In researching and writing this novel I made a six-week, 10,000-mile voyage aboard a German freighter along the Caribbean and Pacific coasts of South America. On that voyage I experienced modern pirates attempt to board the ship, some very unsavory characters ashore in Colombia, a Force-9 storm at sea, and numerous other adventures. For this novel I’ve also relied upon my experiences in Panama during an expedition about nine years ago, during which I journeyed through the jungle to Porto Bello and made my way to the remote San Blas coast, where I spent time with the fascinating Cuna Indians.  

This novel was exciting for me to write and I am very happy to report that the first critics have had wonderful things to say—the reviews will be posted here a little later.

 

   




An Affair of Honor

 

At the beginning of this fifth novel in Robert N. Macomber's award winning Honor Series, it's December 1873 and Lieutenant Peter Wake is the executive officer of the USS Omaha on dreary patrol in the West Indies.  Lonely for his family, he is looking forward to returning home to Pensacola in a few months and rekindling his troubled marriage with Linda.

But fate has other plans for Wake.  He runs afoul of the Royal Navy in Antiqua, and is declared a spy when he stumbles on shocking new information about a British ship there.  A beautiful French woman enters his life in Martinique.  Then he's suddenly sent off on staff assignment to Europe, where he is soon immersed in the cynical swirl of Old World politics.

After meeting up with one Peter Sharpe Allen, a Royal Marine who talks him into a side trip in Seville, Wake finds himself running for his life after getting embroiled in Spanish politics.  He faces diplomatic intrigue in Genoa and is caught up in French, German, and British affairs of state in a castle down the coast at Porto Fino.  Then his real test comes when he and his old friend, Sean Rork are sent on a no-win mission to rescue missionaries in northern Africa.

Not the least of his troubles is Madame Catherine Faber de Champlain, wife of a French diplomat.  Her many charms involve Peter Wake in an affair of honor.

   

Winner of the highest award in the genre -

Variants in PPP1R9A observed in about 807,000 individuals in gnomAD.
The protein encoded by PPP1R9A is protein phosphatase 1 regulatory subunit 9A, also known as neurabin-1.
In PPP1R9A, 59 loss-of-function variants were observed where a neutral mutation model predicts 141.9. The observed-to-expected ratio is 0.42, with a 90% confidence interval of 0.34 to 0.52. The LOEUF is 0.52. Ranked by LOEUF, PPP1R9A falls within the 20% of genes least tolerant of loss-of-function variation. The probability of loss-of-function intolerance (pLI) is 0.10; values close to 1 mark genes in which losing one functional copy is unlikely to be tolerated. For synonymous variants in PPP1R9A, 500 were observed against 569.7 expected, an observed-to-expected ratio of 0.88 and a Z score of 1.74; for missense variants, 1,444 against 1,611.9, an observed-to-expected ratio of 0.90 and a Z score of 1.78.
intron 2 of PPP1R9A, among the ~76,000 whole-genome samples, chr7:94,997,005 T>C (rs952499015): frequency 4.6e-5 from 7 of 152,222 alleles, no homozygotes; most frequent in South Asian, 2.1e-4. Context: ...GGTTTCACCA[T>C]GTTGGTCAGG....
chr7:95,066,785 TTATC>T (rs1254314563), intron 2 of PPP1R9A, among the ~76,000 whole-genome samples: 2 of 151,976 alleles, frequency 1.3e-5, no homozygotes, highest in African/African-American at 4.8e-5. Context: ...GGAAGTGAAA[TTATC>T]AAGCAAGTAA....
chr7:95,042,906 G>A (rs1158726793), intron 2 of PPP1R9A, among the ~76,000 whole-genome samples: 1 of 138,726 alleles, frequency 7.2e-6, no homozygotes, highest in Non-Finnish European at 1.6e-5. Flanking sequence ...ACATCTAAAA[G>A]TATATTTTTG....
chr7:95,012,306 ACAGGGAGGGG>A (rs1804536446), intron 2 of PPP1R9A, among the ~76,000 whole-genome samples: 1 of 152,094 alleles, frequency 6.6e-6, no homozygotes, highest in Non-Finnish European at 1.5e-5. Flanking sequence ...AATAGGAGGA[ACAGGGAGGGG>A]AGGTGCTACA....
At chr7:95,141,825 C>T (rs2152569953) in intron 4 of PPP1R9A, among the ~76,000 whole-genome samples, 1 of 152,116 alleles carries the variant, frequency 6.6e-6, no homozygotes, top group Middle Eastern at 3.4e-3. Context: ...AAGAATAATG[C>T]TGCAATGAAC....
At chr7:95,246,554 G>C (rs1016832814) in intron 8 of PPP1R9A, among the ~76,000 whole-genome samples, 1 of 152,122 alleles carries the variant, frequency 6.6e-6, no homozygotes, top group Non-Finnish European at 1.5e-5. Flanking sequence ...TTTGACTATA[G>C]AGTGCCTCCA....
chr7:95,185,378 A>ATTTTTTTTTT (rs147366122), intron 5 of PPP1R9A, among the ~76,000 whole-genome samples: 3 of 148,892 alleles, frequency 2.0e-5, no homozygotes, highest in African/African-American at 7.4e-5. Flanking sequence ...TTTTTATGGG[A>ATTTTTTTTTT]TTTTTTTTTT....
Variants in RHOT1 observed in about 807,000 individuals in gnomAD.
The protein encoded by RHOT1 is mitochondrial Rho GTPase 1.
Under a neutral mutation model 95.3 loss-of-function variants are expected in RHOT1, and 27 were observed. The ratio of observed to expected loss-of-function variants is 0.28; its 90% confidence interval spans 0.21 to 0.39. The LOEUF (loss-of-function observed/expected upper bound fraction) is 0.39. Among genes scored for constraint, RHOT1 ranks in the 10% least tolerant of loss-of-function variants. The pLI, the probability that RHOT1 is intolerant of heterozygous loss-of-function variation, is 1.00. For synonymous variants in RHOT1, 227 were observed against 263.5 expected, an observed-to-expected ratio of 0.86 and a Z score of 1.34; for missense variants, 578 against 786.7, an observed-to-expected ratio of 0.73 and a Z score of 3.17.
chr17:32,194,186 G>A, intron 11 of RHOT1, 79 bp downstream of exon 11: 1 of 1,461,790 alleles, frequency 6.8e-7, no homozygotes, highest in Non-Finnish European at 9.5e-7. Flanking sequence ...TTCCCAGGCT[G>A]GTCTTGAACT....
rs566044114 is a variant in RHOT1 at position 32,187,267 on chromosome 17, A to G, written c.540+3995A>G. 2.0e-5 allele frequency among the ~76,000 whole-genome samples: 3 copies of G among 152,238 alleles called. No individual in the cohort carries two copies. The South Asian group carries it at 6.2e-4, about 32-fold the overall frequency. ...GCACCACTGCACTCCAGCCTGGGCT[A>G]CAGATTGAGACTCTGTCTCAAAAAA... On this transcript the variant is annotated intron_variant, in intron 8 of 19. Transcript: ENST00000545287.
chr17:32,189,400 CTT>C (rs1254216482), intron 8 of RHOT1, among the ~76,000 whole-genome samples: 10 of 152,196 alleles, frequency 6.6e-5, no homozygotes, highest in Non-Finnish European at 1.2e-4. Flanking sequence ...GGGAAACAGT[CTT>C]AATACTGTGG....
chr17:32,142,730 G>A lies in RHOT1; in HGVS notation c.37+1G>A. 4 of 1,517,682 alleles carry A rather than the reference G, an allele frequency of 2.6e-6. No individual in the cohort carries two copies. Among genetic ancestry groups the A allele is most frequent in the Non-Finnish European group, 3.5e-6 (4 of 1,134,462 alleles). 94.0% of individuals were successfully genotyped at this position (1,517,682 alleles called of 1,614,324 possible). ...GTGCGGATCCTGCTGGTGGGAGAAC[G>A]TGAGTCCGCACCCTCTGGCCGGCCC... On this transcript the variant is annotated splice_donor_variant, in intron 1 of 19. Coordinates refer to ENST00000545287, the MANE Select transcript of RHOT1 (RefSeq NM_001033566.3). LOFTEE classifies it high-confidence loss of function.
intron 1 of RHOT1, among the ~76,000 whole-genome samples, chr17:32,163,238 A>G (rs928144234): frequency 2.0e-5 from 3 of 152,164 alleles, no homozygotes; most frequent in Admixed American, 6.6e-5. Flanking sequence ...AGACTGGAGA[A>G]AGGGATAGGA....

The American Library Association's 
2008 W.Y. Boyd Literary Award for Excellence

 

A Different Kind of Honor

 

It’s 1879 and Lt. Cmdr. Peter Wake, U.S.N., is on special assignment as the official American neutral naval observer to the War of the Pacific raging along the west coast of South America. Chile, having invaded the coast of Bolivia, has gone on to overrun Peru and controls the entire southeastern Pacific region. Washington, concerned over European involvement in the war and the French effort to build a canal through Panama, has sent Wake to observe not only the naval war, but the political intrigues of the region as well. 

 

 

During Wake’s dangerous mission—as part naval observer, part diplomat, and part spy—he will witness history’s first battle between ocean-going ironclads, ride the world’s first deep-diving submarine, face his first machine guns in combat, discover an unlikely bond with an international brotherhood, advise the French trying to build the Panama Canal, and run for his life in the Catacombs of the Dead in Lima, Peru. 

 

 

In the War of the Pacific, Peter Wake confronts a very different kind of honor, one that will continue to haunt him. And while he is away, Wake’s family back home in Washington copes with their own catastrophic
event—one that will eventually change all of their lives forever.

 

   

 

The Honored Dead

This seventh novel of the award-winning Honor Series finds Lt. Cmdr. Peter Wake, Office of Naval Intelligence, aboard a riverboat on the Mekong River, in 1883 French Indo-China. The mission sounded simple in Washington: deliver the American president’s reply to a secret naval offer from the king of Cambodia, while assessing the region’s political-military situation. Wake figures it’ll take two more weeks and he’ll be homeward bound.

Six months later, after nearly dying at the hands of opium warlords, Chinese-Malay pirates, and French gangsters; after suffering starvation at sea, nearly falling in love with a beautiful widow, surviving a typhoon, being marooned on a beach, and enduring a horrific full-scale battle—Wake is still there. Exhausted, frustrated, and scared, he and his motley band of companions, can now testify that nothing is simple in the Kingdom of Cambodia and the Empire of Viet Nam.

This story illuminates the beginning of the bloody cultural clash that lasted for the next hundred years in Southeast Asia, with each side determined to avenge their honored dead. 

In addition, there is a huge surprise at the very beginning of this novel, one that will please and intrigue long time and new readers alike, kindling a mystery it may take years to solve. All in all, this was the most fascinating, and dangerous, novel yet for me to research and write, compelling me to journey by riverboat , from the Delta country in Vietnam, far up the Mekong River, into the interior of Cambodia. My trek echoed the journey Wake made himself, one-hundred and twenty-six years ago, almost to the day of the book's release. Just as with Peter Wake, it changed my life forever.